"It's important to keep your glycogen tank filled in any endurance sport. However, I prefer eating more regularly over reliance on gels, which can be full of sugar and missing other important nutrients, like magnesium and potassium," Mr. Tam says.
Teaching your body to stop burning glycogen and switch to burning for energy is a key component of training.
Mr. Tam advises adding healthy fats such as plant-based omega 3 oils, coconut oil or MCT (medium-chain triglyceride) oil into the diet while depleting the body of glycogen, so that it eventually uses the extra fat as fuel.
"This way, during a marathon, if your body is running low on glycogen fuel, which is used up very quickly, [it] can quickly tap into the fat stores to keep you running," Mr. Tam says.
Supplementing Your Diet
In general, vegans should look to supplement their diet with iron and vitamins B12 and D, regardless of whether they are on an intensive training program or not.
For athletes, and female athletes in particular, replenishing iron and B12 is very important.
Iron is a key nutrient for athletic performance, as red blood cell production increases during training to help transport oxygen to cells. But vegans can only find non-heme iron, which is difficult to absorb.
"Soy contains a high amount of iron, but in realty we may only be absorbing a small percentage of that iron," Mr. Tam says.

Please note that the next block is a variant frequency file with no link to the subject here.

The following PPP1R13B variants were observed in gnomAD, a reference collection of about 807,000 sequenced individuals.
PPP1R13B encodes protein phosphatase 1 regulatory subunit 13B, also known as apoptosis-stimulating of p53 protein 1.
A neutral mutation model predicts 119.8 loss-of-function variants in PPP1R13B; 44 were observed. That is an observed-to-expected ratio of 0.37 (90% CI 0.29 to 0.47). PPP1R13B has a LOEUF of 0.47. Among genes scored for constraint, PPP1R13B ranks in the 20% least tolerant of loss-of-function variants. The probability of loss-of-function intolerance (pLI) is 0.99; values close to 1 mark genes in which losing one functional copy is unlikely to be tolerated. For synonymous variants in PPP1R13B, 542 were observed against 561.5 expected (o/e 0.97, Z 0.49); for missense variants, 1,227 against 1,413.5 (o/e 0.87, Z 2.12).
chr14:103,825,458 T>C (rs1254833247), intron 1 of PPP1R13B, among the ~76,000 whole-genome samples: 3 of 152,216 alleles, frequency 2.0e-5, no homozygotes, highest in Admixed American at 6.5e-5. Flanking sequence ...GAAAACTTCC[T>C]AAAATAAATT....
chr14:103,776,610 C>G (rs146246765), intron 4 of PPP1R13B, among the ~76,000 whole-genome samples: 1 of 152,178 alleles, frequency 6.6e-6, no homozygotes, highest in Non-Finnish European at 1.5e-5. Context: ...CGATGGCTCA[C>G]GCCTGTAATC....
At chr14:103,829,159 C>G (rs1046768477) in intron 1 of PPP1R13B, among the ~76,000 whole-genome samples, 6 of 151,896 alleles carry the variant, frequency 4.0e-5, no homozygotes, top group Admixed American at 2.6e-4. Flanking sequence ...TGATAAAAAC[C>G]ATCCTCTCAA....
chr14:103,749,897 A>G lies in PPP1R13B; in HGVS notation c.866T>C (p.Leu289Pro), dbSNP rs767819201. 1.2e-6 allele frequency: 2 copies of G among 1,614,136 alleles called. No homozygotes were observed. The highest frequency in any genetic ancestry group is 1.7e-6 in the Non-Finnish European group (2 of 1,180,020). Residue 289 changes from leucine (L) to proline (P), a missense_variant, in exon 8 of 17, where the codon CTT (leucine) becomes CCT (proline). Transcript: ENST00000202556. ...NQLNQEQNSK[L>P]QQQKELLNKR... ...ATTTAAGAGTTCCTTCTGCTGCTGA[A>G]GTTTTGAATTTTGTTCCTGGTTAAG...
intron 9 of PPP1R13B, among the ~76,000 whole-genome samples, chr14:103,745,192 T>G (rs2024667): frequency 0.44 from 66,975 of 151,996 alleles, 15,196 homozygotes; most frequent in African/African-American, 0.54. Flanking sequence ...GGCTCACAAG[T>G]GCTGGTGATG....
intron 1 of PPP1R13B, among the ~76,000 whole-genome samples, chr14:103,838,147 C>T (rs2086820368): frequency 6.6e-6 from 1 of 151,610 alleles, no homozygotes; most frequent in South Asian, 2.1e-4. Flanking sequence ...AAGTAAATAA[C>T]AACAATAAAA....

Foods With Benefits
Apart from quicker post-race recovery, some athletes find several other benefits from a vegan diet.
"You have better digestion, a better immune system because fruit and vegetable intake provides vitamins, minerals and prebiotics. You also have higher energy level as less energy is needed [than] for digesting animal meats, plus clearer skin, more restful sleep and lower cholesterol levels," Mr. Mak says.
A new generation of Chinese food scientists have confirmed that vegan diets deliver high energy levels, less inflammation, faster muscle recovery times and even glowing skin.
Record-setting elite athletes in Hong Kong, China who have competed in many ultra-marathons – races of any long-distance over 42km – believe a plant-based diet enhances performance.
Anecdotal evidence from runners suggests being vegan helps athletes recover more quickly, while their speed and endurance are on a par with those of omnivorous runners.
Finally, a word of warning: "You should not blindly follow diet trends or eat a certain way just because someone else is," says Cyrus Luk, a dietitian at Matilda International Hospital, and an executive committee member of the Hong Kong Dietitian Association. "A diet or meal plan that works for one person may not yield the same results for you, dur to differences in age, gender, life-style, and so on.
The author is a freelance writer; formerly Adjunct Lecturer, taught MBA Philosophy of Management, and International Strategy, and online columnist of 3-D Corner (HKU SPACE), University of Hong Kong.
The views do not necessarily reflect those of DotDotNews.